A new year begins and old problems keep coming back in the European Union. The holiday season was particularly short for European politicians, and if the first weekend of the year is any indication, 2015 will be another volatile year for the continental bloc.
More than six years into the crisis, Europe is once again debating whether Greece will — or should — leave the eurozone. On Jan. 3, German magazine Der Spiegel wrote that Berlin thinks that if left-wing party Syriza wins Greece's Jan. 25 elections and seeks to renegotiate the country's debt, Athens would probably have to leave the eurozone. The report also said, however, that the German government believes the currency union is more prepared to withstand a "Grexit" (Greek exit) now than it was before. Former crisis countries such as Ireland and Portugal are growing again, the European Union has a permanent bailout fund to deal with potential crises and banks have cleared up their balance sheets.
A German government spokesman declined to comment on the article but said Berlin expected any new government in Athens to honor Greece's commitments with the European Union and the International Monetary Fund. German Vice Chancellor Sigmar Gabriel said that Germany wanted Greece to stay in the eurozone but that Greece's departure would not be as tragic today as it would have been in the past.
Berlin is sending political messages to both the domestic and foreign audience. It is telling Greek voters and politicians that leaving the eurozone is a real possibility if Syriza pushes for a renegotiation of Greece's debt. It is also telling German taxpayers that their money will not be given to a country that refuses to introduce reforms. The German government is struggling to find a balance between the need to preserve the eurozone and the need to ensure that Greek authorities honor their promises. This is precisely the struggle Berlin faced between 2010 and 2012, when Athens was given two bailouts and was allowed by the European Union and the IMF to restructure its debt.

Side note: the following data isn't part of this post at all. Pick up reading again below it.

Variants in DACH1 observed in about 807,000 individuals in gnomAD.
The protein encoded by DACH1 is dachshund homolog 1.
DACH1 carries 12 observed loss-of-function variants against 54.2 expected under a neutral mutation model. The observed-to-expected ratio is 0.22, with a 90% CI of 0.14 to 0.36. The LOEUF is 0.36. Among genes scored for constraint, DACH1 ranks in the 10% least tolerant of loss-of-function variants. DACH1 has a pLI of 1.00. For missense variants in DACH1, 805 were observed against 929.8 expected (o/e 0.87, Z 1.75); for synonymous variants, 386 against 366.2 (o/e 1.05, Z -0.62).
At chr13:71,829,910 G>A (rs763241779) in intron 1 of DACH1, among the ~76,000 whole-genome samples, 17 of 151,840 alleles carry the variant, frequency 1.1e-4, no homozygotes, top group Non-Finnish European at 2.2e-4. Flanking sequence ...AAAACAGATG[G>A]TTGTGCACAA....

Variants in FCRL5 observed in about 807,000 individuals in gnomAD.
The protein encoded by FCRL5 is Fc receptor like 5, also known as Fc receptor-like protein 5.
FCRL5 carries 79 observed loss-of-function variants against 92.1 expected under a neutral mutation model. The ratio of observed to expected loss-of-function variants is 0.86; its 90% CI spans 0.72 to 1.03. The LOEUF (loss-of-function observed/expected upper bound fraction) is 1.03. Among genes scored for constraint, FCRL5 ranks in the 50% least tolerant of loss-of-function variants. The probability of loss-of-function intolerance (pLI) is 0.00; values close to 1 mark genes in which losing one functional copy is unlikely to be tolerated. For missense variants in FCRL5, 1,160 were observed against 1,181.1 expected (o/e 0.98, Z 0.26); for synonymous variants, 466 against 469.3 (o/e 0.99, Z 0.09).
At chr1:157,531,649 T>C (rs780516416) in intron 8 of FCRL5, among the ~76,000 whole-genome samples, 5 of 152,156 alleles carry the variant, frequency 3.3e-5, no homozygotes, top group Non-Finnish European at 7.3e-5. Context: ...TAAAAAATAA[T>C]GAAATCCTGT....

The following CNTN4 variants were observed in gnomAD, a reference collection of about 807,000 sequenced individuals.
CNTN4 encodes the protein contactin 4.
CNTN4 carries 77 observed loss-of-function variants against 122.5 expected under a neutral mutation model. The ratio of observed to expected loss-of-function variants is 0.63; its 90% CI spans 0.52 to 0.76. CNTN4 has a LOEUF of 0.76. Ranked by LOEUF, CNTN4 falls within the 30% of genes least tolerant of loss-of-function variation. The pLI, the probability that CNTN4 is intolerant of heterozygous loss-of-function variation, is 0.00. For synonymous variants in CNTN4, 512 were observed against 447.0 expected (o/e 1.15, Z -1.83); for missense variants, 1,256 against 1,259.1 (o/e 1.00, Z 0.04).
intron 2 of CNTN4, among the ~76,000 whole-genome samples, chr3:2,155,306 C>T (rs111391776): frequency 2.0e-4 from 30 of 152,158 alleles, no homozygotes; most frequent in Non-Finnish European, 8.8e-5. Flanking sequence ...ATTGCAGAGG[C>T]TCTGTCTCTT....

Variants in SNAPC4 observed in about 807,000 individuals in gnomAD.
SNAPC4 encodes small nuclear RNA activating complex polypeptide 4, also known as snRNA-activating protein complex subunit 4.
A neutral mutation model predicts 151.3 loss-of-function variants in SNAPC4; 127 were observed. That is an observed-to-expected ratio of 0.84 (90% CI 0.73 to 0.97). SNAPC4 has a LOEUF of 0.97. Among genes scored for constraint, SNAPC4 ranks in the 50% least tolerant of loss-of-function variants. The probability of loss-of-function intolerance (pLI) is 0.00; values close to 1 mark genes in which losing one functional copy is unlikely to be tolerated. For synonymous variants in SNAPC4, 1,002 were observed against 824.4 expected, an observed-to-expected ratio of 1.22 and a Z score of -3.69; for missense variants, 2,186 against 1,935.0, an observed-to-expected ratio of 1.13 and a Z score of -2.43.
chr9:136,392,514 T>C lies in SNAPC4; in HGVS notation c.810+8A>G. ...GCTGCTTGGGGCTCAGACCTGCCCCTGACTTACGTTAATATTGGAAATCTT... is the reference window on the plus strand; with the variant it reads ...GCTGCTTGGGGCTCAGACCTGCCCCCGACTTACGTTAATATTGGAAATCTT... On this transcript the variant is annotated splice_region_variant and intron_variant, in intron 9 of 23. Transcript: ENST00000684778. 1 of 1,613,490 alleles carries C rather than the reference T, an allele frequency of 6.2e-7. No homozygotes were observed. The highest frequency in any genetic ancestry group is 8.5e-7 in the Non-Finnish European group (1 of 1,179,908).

Gabriel may be right when he says the risk of contagion is somewhat lower than it was in 2011 or 2012. But as the main contributor to eurozone bailouts, Germany would be among the largest victims of a Greek default. More important, Berlin is worried about the political and psychological effects should Greece leave the eurozone. If Greece departs, others could follow. In many countries, including Spain and Italy, popular political parties are campaigning on debt restructurings and leaving the euro. Once the taboo of leaving the euro is broken, the consequences are impossible to predict.
It could be argued that Berlin has called the Greek politicians' bluff. Like Syriza, the current Greek government has repeatedly used the threat of default against the European Union, and Berlin wants the Greeks to know that it is prepared to pay the price of Greece leaving the currency union. But even if Germany is pressuring Athens, one fact cannot be denied: Greece's debt is unsustainable and will continue to generate problems for the eurozone.
Spain is watching the situation closely. It will hold elections by the end of the year, and the conservative administration in Madrid is dealing with the rise of Podemos, a left-wing party that shares Syriza's views on austerity and debt. Some sectors of the Spanish government believe that a Syriza victory would lead to political and financial chaos in Greece, indirectly hurting the popularity of Podemos.
The weekend also offered a glimpse behind the scenes at the political situation in the United Kingdom. On Jan. 4, Prime Minister David Cameron said he would be "delighted" to hold an early referendum on Britain's membership in the European Union if his party won the general election in May. (The referendum is scheduled for late 2017.) The elections will probably lead to a fragmented Parliament and difficult negotiations to form a government. Like Greece and Spain, the two-party system is in crisis in the United Kingdom, and the conservative government cannot rule out cooperation with the Euroskeptical UKIP.
Cameron's statements are meant to keep the door open for some kind of post-election cooperation with UKIP as well as to appease the Euroskeptical factions of the Conservative party and bring the European Union to the negotiating table. Most of Britain's demands, which include reforming immigration norms and regaining sovereignty from Brussels, would require a treaty change, which Germany opposes. Cameron will meet with German Chancellor Angela Merkel on Jan. 7 to discuss ways to keep Britain in the union without making significant reforms to the continental bloc. One thing is certain: The European treaties will not be reformed before 2017.
The weekend's moves in Germany, Greece, Spain and the United Kingdom show that fear is one of the strongest forces keeping the European Union together — arguably stronger than conviction. In some cases, there is a deep fear of the unknown consequences of leaving the euro, both for the country that leaves and for the countries left behind. In others there is fear of new political forces replacing the traditional elites that built the European project. On Jan. 5, a spokesman for the European Commission said eurozone membership was "irrevocable." The statement was a combination of wishful thinking and fear of the unknown. Debt, financial assistance programs and membership in international organizations are basically contracts, and contracts can be ended if one of the signatories feels that honoring an agreement is more costly than breaking it.